These improvements have already had positive impacts on water flows, ecological health and fisheries and we expect the Army Corps of Engineers will sign off soon that the restoration projects were successfully completed.
Sept. 7, 2022
Environmental Commitments Reach Beyond Chimney Hollow Reservoir
Before dirt was moved at Chimney Hollow Reservoir in 2021, Northern Water implemented several environmental improvements nearby as part of our commitment to offset any environmental impacts of the new reservoir. A section of the Little Thompson River in Berthoud, and a second section north of Lyons, both decimated by the 2013 flood, received compensatory mitigation including the repair of natural channels and replanted vegetation. An area in west Loveland along the Big Thompson River, also impacted by the flood, had a diversion structure removed, the natural channel restored, and cottonwood and willow trees replanted.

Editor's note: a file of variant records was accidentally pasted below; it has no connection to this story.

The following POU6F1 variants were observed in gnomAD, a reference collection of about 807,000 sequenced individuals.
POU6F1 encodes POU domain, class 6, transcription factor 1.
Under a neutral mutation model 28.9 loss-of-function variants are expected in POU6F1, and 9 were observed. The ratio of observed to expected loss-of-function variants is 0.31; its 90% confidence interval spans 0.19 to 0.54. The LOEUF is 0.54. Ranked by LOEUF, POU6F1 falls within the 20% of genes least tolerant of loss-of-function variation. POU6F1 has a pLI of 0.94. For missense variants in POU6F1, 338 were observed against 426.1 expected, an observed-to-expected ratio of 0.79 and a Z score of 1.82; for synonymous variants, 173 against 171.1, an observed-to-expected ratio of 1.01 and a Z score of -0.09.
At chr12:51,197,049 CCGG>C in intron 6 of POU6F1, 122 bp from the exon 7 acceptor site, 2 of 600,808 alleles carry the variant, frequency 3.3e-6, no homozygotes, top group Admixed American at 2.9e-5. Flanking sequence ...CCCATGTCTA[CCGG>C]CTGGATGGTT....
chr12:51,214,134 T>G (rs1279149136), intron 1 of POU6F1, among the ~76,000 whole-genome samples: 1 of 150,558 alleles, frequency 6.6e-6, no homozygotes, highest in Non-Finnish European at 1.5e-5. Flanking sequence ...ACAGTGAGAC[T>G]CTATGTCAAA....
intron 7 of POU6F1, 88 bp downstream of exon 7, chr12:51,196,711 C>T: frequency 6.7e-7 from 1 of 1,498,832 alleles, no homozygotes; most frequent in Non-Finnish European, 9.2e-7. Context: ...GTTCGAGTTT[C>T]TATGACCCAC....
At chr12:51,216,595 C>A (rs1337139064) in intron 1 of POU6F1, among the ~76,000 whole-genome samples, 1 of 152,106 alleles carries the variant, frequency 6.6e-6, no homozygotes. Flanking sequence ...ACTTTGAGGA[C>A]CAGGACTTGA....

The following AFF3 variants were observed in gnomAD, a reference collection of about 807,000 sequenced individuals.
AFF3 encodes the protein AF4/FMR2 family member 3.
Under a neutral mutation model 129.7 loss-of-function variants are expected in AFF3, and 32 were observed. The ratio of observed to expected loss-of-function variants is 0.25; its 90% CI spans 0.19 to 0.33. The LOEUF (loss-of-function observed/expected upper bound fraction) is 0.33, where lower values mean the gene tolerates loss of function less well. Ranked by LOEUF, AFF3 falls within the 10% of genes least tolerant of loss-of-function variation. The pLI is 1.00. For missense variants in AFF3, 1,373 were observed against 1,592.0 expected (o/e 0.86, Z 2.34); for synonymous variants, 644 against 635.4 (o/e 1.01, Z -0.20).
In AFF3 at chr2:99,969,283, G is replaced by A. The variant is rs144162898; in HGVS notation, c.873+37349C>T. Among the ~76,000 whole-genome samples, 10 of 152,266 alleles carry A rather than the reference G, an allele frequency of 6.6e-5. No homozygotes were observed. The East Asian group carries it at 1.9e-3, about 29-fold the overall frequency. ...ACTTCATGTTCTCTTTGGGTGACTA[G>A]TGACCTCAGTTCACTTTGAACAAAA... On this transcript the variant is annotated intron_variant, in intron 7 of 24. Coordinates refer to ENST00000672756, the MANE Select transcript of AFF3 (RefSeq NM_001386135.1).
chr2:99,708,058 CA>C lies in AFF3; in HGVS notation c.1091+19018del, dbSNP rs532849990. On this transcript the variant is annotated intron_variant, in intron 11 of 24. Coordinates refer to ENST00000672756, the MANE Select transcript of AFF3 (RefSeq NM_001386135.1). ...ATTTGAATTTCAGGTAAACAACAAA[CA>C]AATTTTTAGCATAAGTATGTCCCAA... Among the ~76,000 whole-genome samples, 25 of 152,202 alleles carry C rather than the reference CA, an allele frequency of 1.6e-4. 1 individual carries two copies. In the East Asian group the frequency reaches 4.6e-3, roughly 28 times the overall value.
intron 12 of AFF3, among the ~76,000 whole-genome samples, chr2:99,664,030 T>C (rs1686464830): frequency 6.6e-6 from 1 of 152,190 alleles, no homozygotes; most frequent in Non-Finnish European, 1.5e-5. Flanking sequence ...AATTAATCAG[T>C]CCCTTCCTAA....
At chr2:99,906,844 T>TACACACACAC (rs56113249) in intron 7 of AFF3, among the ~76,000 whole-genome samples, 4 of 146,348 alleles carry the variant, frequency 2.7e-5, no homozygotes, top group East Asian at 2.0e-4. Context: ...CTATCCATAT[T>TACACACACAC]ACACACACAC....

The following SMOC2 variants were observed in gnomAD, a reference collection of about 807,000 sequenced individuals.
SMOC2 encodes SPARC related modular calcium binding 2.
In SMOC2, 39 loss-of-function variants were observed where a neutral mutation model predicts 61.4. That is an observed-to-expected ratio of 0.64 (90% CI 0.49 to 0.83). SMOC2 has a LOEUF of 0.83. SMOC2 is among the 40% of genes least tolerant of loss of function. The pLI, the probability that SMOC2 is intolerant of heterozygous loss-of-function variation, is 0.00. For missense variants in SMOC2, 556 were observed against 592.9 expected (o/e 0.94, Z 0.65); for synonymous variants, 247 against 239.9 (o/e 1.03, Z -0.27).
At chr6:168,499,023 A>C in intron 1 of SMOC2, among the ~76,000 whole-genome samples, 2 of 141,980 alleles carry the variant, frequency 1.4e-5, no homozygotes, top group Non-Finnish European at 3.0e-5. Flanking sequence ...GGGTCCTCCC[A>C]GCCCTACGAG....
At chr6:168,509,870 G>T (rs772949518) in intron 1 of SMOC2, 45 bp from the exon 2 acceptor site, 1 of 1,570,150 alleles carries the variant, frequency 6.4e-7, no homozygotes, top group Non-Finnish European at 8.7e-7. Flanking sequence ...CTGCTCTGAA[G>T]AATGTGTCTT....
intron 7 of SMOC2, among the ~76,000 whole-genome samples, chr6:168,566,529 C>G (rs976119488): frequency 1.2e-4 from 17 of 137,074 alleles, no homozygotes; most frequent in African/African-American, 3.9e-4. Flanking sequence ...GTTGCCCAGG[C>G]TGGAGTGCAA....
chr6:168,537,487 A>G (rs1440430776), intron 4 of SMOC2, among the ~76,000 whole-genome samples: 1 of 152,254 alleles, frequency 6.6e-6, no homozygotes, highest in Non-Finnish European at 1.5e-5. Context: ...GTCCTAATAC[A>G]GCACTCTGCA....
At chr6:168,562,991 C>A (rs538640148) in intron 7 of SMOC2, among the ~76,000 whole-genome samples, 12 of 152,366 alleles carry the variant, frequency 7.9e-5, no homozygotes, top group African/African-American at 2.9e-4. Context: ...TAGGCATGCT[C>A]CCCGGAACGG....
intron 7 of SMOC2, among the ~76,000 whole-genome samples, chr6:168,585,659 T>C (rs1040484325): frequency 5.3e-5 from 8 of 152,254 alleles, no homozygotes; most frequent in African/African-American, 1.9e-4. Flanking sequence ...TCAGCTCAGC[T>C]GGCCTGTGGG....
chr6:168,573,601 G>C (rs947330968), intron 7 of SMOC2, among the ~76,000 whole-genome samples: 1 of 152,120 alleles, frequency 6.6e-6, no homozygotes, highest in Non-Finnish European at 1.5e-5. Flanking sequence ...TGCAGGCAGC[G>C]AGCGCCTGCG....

The Big Thompson Watershed Coalition, Windy Gap Firming Project participants, AloTerra Restoration Services, ERO Monitoring and the Northern Water Municipal Subdistrict identified sites, completed restoration at each, and began the monitoring and reporting phase which are required as part a permit granted under Section 404 of the Clean Water Act. Water resource projects that result in impacts to Waters of the United States, such as Chimney Hollow Reservoir, are required to obtain such a permit before altering or impacting a project site. While a steadfast objective of the Chimney Hollow Reservoir Project is to minimize environmental impacts, some are unavoidable. To compensate for this, Section 404 allows project participants to identify and enhance other areas in need of restoration.